Today, the community has changed a lot because it is larger. I see more bilingual people working in government offices, and back in the early days there was none of that. I also speak better English, but I still feel bad for the people who are just arriving to this country because they have to go through what I went through. But, now because the community is larger, they really don’t have to worry so much because there are better services for them.

In the 1970’s, in 1974, I became a police officer for the City of Providence. I was the only Hispanic police officer in Rhode Island in those days. At the time, I was working for a company called American Cards when one of the workers there said to me: “What are you doing here? You should be doing something else.” He showed me an ad in the newspaper, in the City of Providence they were looking for police officers. So I applied, went for a few interviews and a few tests, and I became a police officer on June 28, 1974.

In 1976, I remember the country of Guatemala had an earthquake and I noticed that there were some Guatemalans in Rhode Island, but they did not have any kind of assistance from anyone, from the news media, from the government, no one was really helping them. So, because we spoke the same language, that’s when I really got involved with the Hispanic community, became motivated and I started helping them out. Mayor Cianci, who was mayor at the time, assigned me to work directly with the Guatemalan community, helping to bring the news to them, take up collections for them, and things like that.

Later on, in the 1980’s, I became disabled and left the police force, so I became more involved in the Puerto Rican and Latino communities. I was the founder of the Puerto Rican parade in 1984, and also that same year was one of the founders of Casa Puerto Rico, which was a multi-service center for the community. At that time, there was a great need for the community for all kinds of services. Casa Puerto Rico was located right in the heart of Providence--it was between Elmwood Avenue and Broad Street. It fulfilled a great need for the community. The elderly needed to be fed, kids needed to have a place where to go, there was also a "cultural" need. Older people that were here, they needed to [stay in touch with] their culture, and that's why I had it in my mind to open up a multi-service center for the community.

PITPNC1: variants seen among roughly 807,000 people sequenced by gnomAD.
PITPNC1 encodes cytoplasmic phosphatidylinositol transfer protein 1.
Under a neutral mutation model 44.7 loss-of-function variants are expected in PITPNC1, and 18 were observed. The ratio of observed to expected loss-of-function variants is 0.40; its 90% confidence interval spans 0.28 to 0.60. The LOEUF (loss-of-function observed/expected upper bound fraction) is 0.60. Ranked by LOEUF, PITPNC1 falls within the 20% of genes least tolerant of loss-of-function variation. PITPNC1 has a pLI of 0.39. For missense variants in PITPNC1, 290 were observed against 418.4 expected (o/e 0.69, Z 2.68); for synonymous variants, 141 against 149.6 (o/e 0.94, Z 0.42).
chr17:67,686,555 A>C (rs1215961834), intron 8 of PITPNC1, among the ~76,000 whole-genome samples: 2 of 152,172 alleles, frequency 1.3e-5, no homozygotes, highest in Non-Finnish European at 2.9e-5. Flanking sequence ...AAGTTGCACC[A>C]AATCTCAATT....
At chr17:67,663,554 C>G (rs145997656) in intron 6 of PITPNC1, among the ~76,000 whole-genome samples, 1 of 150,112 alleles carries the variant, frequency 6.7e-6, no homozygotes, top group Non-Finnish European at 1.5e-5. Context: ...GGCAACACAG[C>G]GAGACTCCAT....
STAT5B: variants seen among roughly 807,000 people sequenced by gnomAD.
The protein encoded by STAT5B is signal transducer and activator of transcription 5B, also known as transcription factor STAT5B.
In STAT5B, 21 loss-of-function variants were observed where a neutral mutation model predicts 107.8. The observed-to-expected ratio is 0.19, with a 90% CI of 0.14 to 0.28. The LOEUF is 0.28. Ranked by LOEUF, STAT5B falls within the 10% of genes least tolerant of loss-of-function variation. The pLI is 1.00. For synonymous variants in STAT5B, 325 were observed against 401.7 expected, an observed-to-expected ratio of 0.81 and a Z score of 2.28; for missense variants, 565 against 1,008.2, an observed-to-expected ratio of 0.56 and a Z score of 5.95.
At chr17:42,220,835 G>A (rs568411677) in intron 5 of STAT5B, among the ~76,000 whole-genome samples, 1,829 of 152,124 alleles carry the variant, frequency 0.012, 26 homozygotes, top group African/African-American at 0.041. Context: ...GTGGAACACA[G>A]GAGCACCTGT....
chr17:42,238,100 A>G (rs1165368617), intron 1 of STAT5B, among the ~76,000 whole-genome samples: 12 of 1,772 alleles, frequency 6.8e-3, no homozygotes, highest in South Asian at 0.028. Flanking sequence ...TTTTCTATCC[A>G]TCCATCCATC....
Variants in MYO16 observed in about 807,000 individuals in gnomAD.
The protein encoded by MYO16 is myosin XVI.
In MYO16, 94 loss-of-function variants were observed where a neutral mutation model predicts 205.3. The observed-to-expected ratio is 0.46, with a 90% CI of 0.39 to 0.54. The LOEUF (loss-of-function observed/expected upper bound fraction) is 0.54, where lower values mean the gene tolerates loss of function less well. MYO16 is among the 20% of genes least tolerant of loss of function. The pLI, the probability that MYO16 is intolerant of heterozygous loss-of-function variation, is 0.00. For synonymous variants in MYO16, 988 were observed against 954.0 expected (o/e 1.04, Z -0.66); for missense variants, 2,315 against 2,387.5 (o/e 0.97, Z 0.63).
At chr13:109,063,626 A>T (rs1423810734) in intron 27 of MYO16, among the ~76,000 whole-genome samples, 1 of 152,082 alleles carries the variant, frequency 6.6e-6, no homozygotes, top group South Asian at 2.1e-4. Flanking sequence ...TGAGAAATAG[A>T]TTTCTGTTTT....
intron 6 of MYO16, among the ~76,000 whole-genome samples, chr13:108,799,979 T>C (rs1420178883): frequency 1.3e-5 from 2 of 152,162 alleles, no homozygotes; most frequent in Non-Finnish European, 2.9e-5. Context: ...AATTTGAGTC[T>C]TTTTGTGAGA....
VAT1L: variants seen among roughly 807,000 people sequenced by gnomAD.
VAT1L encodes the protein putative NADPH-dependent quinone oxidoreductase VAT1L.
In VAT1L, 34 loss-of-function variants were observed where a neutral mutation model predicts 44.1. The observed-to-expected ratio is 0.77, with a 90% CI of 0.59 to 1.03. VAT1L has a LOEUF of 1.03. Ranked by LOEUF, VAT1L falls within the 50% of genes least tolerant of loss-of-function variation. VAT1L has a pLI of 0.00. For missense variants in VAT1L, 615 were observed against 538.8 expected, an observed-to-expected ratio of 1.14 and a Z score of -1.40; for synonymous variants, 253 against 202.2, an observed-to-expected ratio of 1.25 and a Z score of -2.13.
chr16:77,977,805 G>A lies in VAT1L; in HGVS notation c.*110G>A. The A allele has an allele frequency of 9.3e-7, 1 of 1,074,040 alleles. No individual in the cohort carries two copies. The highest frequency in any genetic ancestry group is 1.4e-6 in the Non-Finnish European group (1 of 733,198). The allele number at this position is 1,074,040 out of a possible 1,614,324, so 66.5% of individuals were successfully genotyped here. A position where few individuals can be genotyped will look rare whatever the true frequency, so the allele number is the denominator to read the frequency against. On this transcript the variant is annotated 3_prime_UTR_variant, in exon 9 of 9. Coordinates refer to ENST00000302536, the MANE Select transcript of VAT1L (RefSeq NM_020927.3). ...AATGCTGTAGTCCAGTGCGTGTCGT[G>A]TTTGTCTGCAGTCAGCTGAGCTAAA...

That same year, in 1984, we [Puerto Ricans] re-named a street from "Bishop Street" in South Providence to "Borinquen Street" because some people had a problem pronouncing that word. In Spanish, that is a bad name, the word Bicho and so we renamed it Borinquen. I don't know if you are aware of that. But the mayor at that time helped us, and Councilman O’Connor, Tom O’Connor.

I think that the Puerto Ricans have worked hard to make our neighborhood a better place since the old days, but the Dominicans also deserve a lot of recognition. There are quite a few of them in the City of Providence, the census, the 1990 census, shows that in the City of Providence, the majority [of Hispanics] are Dominicans. Not by much, though. And they're doing quite well and opening quite a few small businesses. They're working very hard, and they deserve any credit that they get, with the mayor or whoever is giving them the credit. Working together is progress for everyone, not just Hispanics, but everybody benefits. If you were to have seen the neighborhood years ago, in the 1970’s, how bad Broad Street and the Elmwood section were. But today the Puerto Ricans and Dominicans are working together to make the place better, and that benefits everybody.

Interview by Tyler Katz, Angel Quiñones and Laura Lee
May 1998